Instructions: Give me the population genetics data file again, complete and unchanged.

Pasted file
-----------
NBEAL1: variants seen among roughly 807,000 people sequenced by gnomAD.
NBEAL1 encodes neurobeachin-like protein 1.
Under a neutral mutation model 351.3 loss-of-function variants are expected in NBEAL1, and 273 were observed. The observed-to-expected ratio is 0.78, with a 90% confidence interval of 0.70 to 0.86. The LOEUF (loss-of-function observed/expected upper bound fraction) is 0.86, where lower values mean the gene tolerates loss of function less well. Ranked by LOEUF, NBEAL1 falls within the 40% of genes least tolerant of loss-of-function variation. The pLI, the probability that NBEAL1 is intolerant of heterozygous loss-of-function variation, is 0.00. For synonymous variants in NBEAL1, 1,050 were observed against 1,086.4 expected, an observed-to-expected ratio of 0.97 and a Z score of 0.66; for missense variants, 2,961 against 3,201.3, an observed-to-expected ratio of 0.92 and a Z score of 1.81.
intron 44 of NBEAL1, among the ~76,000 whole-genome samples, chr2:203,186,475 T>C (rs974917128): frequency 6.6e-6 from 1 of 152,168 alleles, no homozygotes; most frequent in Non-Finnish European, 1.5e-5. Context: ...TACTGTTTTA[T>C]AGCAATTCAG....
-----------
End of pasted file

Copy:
NBEAL1: variants seen among roughly 807,000 people sequenced by gnomAD.
NBEAL1 encodes neurobeachin-like protein 1.
Under a neutral mutation model 351.3 loss-of-function variants are expected in NBEAL1, and 273 were observed. The observed-to-expected ratio is 0.78, with a 90% confidence interval of 0.70 to 0.86. The LOEUF (loss-of-function observed/expected upper bound fraction) is 0.86, where lower values mean the gene tolerates loss of function less well. Ranked by LOEUF, NBEAL1 falls within the 40% of genes least tolerant of loss-of-function variation. The pLI, the probability that NBEAL1 is intolerant of heterozygous loss-of-function variation, is 0.00. For synonymous variants in NBEAL1, 1,050 were observed against 1,086.4 expected, an observed-to-expected ratio of 0.97 and a Z score of 0.66; for missense variants, 2,961 against 3,201.3, an observed-to-expected ratio of 0.92 and a Z score of 1.81.
intron 44 of NBEAL1, among the ~76,000 whole-genome samples, chr2:203,186,475 T>C (rs974917128): frequency 6.6e-6 from 1 of 152,168 alleles, no homozygotes; most frequent in Non-Finnish European, 1.5e-5. Context: ...TACTGTTTTA[T>C]AGCAATTCAG....